Yoga for Health 2000: Conference Presentation

Melbourne Saturday, August 19, 2000

"The essence of the religious outlook is that religion should not be kept in a compartment by itself, but that it should be the ever-present guiding principle underlying the 'daily round', the 'common task'. So also is it possible to apply this principle of life in the daily round of one's activities without involving a loss of attention in those activities." - F.M. Alexander

The Alexander technique deals with how we use ourselves in our day to day activities. The term use in the Alexander work refers to all our mental & physical processes. When we misuse ourselves, we will suffer from one or more of the following symptoms as enumerated in Patanjali's Yoga Sutra: "mental discomfort, negative thinking, the inability to be at ease in different body postures & difficulty in controlling one's breath." I.31 (Desikatchar's translation).

The Alexander work does not offer a set of exercises to deal with this misuse and its accompanying symptoms. Rather we deal with the habitual unconscious habits and reactions, which create a state of suffering. Alexander insisted that his technique was better used to prevent rather than to cure. In this, we are dealing in the same territory as Patanjali. "Suffering that hasn't arisen should be avoided" 2.16 We have a store of vasana (memory traces) which account for behaviour which we call instinctive - subliminal impression (samskara) and subliminal intention (asaya). These unconscious instinctive reactions are with us for moment to moment. Alexander referred to them in the title of one of his books as The Universal Constant in Living. Our habits and actions of mind and body, from moment to moment create our state of mind and body.

In the Alexander work we work with very simple reactions. Most people get out of a chair dozens of times a day. Do you know how you do this act? A very common reaction is for people to create a strong contraction in their neck back and shoulders. In fact if you look carefully at almost any movement we may carry out, you will be likely to find excess work and strain in those activities. If you work in an office or other work place just notice in yourselves and others the amount of tension and collapse most people bring into their work. This constant repetition of bodily misuse over decades creates a host of ailments impacted seriously on physical and mental health. Not simply muscular aches and pains but life threatening diseases may result from such misuse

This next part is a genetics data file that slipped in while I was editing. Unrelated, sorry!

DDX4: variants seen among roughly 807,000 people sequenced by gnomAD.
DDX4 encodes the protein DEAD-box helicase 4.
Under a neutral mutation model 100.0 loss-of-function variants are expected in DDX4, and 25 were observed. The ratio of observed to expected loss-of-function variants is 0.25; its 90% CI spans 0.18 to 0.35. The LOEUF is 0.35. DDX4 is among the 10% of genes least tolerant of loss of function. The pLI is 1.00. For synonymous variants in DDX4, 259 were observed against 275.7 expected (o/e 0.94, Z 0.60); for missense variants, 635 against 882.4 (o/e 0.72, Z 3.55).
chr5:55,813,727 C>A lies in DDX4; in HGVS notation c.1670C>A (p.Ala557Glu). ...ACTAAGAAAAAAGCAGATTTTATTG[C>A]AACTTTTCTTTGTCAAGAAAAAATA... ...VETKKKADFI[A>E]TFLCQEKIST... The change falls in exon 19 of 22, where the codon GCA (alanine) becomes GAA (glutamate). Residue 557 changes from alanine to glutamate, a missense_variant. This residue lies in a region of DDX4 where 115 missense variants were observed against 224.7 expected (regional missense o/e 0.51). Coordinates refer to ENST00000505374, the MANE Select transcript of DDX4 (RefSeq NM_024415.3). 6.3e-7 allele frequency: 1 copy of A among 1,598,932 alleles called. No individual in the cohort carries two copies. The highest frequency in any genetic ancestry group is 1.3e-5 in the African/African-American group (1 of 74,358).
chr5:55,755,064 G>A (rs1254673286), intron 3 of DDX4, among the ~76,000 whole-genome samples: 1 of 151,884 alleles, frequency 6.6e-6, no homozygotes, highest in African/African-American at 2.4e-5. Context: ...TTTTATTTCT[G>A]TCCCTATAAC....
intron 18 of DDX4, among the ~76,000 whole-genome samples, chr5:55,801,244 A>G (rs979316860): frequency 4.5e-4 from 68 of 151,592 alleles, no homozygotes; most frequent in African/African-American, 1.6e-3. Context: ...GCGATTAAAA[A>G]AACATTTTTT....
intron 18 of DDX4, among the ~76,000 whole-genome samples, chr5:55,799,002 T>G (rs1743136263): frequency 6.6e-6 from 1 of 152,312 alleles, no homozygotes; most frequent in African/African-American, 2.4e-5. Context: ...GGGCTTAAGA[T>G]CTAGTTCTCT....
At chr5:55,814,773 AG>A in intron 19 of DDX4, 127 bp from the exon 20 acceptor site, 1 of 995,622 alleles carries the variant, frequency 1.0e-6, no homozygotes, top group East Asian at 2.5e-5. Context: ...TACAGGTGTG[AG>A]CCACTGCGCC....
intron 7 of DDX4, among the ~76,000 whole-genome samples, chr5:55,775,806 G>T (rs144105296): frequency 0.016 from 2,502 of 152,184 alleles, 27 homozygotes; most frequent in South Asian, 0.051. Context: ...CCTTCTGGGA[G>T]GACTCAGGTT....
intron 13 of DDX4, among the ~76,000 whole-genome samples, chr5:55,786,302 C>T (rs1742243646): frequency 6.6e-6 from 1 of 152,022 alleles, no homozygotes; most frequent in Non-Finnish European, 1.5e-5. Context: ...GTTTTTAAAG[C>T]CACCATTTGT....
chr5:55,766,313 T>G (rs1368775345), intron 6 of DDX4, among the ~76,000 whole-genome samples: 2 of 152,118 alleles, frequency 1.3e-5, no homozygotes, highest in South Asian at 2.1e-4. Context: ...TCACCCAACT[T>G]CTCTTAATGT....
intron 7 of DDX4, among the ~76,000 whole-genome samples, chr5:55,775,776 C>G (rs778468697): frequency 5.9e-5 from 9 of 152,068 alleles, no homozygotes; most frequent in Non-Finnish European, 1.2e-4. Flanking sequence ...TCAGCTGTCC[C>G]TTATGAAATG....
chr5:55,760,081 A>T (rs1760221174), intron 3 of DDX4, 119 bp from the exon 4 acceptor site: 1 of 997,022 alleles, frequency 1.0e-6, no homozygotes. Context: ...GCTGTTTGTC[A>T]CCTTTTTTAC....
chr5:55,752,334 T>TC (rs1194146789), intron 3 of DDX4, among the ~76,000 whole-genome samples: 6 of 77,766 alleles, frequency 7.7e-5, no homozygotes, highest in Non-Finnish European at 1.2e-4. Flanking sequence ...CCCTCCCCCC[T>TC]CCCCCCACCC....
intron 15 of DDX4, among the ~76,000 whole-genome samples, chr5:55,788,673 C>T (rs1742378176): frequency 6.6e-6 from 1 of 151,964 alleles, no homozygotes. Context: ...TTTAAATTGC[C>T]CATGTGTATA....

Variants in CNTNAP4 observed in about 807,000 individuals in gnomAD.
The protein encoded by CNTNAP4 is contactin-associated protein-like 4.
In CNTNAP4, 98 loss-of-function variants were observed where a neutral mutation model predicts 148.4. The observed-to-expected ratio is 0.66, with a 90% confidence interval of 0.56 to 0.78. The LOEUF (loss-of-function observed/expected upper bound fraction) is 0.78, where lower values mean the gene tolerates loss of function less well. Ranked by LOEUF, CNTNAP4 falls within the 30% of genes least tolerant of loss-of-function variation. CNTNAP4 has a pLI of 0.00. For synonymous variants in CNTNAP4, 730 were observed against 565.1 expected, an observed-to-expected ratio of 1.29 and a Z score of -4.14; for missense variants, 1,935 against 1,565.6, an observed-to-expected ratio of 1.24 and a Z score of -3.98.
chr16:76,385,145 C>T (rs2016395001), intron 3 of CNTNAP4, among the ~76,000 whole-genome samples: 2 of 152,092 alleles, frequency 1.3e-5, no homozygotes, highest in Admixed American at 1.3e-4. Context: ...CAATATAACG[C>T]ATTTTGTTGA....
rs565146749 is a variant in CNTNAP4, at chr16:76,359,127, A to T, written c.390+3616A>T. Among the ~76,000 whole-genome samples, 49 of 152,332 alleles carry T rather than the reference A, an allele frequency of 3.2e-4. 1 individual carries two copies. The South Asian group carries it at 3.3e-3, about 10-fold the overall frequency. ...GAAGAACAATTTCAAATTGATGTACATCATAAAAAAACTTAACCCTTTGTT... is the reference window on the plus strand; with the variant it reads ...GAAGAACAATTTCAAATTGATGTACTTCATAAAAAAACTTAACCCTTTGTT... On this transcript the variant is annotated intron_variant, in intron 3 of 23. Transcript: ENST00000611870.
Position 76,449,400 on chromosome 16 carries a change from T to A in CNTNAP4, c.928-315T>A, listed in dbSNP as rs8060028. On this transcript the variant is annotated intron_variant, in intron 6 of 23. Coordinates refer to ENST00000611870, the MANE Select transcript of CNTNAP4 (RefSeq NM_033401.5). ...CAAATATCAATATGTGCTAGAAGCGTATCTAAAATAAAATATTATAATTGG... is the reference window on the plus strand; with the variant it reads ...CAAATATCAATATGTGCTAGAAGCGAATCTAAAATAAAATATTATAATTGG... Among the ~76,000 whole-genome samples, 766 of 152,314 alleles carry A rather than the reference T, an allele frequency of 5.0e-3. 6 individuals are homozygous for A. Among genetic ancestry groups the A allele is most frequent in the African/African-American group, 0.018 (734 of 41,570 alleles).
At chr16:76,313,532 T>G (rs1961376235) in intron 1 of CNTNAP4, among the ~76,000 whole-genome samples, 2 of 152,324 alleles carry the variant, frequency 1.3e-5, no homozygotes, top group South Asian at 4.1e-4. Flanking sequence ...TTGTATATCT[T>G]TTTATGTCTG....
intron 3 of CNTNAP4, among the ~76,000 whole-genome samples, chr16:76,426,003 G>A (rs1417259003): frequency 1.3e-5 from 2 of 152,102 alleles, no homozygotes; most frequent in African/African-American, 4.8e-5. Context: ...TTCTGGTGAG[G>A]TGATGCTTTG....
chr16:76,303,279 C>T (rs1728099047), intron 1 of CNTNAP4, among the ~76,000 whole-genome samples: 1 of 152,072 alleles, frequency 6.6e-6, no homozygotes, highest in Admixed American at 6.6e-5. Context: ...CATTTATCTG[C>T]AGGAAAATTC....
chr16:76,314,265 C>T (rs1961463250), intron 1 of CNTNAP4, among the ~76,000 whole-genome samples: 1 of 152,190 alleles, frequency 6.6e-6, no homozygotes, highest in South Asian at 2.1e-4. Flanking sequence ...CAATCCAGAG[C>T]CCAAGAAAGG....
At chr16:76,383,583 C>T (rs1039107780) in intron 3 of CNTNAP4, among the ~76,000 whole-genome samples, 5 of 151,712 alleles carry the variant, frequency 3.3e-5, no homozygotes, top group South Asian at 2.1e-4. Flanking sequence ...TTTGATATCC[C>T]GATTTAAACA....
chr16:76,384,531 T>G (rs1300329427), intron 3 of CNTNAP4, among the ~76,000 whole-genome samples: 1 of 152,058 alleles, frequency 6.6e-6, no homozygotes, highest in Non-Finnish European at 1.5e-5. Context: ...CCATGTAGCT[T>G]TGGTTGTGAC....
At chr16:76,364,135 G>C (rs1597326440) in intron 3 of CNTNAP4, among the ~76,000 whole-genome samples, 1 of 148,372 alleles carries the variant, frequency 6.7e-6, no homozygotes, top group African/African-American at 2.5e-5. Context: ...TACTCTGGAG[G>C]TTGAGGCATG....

Just because we decide to do asanas, pranayama or meditation, does not mean that these habits suddenly disappear. Indeed because they are unconscious we are sure to bring them to these activities. People with sore backs will sit collapsed or rigidly upright in meditation (often alternating between these two postures. They have no choice - they have lost the ability to find a posture, which as Patanjali recommends is firm and comfortable (2.46). As we know the third limb of yoga is asana - which in the yoga sutra may well refer simply to our everyday use of our physical body, rather than a sequence of hatha yoga exercises. There is certainly no mention of such exercises by Patanjali.

I can be quite sure if someone comes to my yoga classes and tells me they suffer from neck pain, that they will tighten their neck as soon as they attempt the simplest movement - even if I specifically tell them not to do so. They have no choice - it is unconscious. In fact whatever pattern of misuse people bring to yoga classes, they will tend to accentuate in practicing asanas and pranayama. Often there is a pattern of diminishing returns, as people experience the many benefits of doing the postures, despite a level of misuse, and then gradually the impact of the misuse becomes more evident. In my experience it is very common for people who do a lot of hatha yoga to have tight necks and backs. They may be flexible, but of what use is flexibility at the expense of bodily ease and comfort? In my classes the emphasis is on coordination - how to move into postures without any excess tightening whilst moving the whole body in a way in which it is opening and expanding.